Over time, the GOP has been transformed into operation conducting a concerted effort to curb democratic rule in favor of capitalist interests in every branch of government, whatever the consequences. It is marching ever closer to the ultimate goal of reshaping the Constitution to protect monied interests. This gradual take over of a major political party happened steadily, over several decades, and often in plain sight.

Duke University Professor Nancy MacLean exposes the architecture of this change and it’s ultimate aim. She has written that “both my research and my observations as a citizen lead me to believe American democracy is in peril”.

Guest – Professor Nancy MacLean, whose new book, Democracy in Chains: The Deep History of the Radical Right’s Stealth Plan for America, has been described by Publishers Weekly as “a thoroughly researched and gripping narrative… [and] a feat of American intellectual and political history.” Booklist called it “perhaps the best explanation to date of the roots of the political divide that threatens to irrevocably alter American government.” The author of four other books, including Freedom is Not Enough: The Opening of the American Workplace (2006) called by the Chicago Tribune “contemporary history at its best,” and Behind the Mask of Chivalry: The Making of the Second Ku Klux Klan, named a New York Times “noteworthy” book of 1994, MacLean is the William H. Chafe Professor of History and Public Policy.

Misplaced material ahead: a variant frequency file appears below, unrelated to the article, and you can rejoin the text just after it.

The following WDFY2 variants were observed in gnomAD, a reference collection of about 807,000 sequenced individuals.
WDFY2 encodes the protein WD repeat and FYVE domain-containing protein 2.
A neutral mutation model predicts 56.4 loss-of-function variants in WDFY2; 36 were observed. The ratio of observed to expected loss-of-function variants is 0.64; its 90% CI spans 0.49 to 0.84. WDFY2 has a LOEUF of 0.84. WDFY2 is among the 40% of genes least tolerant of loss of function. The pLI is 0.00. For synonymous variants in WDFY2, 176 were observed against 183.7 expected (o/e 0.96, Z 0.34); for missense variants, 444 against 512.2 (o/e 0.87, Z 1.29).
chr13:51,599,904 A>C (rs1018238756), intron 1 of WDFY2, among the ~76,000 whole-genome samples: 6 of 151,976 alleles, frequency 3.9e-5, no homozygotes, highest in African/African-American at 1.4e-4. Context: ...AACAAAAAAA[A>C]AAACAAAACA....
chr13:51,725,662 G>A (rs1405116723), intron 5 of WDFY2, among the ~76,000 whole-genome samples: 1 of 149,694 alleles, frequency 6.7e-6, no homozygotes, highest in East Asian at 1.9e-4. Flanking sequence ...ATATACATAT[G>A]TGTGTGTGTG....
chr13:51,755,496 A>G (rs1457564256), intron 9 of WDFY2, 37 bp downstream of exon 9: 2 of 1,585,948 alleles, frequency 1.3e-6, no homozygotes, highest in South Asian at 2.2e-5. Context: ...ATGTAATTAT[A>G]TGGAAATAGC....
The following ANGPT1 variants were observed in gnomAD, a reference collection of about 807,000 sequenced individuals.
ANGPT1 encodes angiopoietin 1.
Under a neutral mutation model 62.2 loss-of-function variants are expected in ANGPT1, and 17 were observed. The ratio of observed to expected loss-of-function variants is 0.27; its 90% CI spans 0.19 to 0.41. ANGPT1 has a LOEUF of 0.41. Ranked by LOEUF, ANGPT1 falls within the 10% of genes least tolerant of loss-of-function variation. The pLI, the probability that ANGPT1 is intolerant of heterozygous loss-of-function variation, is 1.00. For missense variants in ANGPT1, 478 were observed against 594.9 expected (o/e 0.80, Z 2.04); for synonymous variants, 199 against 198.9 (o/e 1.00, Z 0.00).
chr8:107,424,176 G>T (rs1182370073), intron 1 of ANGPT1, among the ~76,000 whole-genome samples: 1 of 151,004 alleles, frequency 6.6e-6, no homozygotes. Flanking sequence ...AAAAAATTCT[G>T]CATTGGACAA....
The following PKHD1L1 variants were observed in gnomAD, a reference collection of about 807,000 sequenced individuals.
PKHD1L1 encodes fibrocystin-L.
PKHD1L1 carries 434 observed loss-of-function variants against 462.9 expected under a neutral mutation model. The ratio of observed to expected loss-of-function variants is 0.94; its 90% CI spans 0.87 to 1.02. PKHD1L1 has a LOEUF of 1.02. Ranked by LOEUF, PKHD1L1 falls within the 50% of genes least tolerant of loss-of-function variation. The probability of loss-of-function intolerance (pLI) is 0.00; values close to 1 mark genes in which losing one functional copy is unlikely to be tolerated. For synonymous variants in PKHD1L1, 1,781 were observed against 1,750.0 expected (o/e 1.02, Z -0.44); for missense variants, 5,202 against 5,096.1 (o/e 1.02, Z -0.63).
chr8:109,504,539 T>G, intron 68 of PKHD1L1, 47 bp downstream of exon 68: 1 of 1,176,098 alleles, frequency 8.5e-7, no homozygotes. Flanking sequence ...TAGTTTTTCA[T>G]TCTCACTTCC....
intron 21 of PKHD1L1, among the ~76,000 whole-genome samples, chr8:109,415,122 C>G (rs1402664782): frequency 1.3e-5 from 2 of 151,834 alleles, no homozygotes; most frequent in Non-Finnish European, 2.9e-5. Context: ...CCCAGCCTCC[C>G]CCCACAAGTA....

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lordsofsecrecy report1a

Senate Intelligence Committee Torture Report: Attorney Scott Horton

Guantanamo suicides, CIA interrogation techniques, CIA ordered physicians who violate the Hippocratic oath, are topics of some recent articles by returning guest attorney Scott Horton. Last month, he was on Democracy Now to debate former CIA General Counsel John Rizzo on the question of declassifying a Senate Select Committee on Intelligence report about the agency’s secret detention and interrogation programs. His book Lords of Secrecy The National Security Elite and America’s Stealth Foreign Policy will be published January 2015.

Attorney Scott Horton:

  • I think the results flow directly from the media coverage (ABC poll on Torture report)
  • Now major publications and broadcasters that hedged using the word torture have stopped doing that. There are only a handful of media sources that won’t do it. NPR being one of them.
  • The media also presents roughly twice as much time devoted to people justifying the use of torture techniques to those criticizing it.
  • Barack Obama who should lead the push back has gone completely silent. It’s beyond silent he talked about “tortured some folks” making it very casual, and then he said the torturers were patriots.
  • I thought it was electrifying reading. 90 percent of it I’ve heard about before and still when you read them in this clinical, plain, highly factual style and things were developed with a continuous flow with lots of background in decision making in Washington at the top and how all this effected what happened on the ground.
  • As a consumer of Congressional reports this probably the single most impressive Congressional oversight report I’ve ever seen.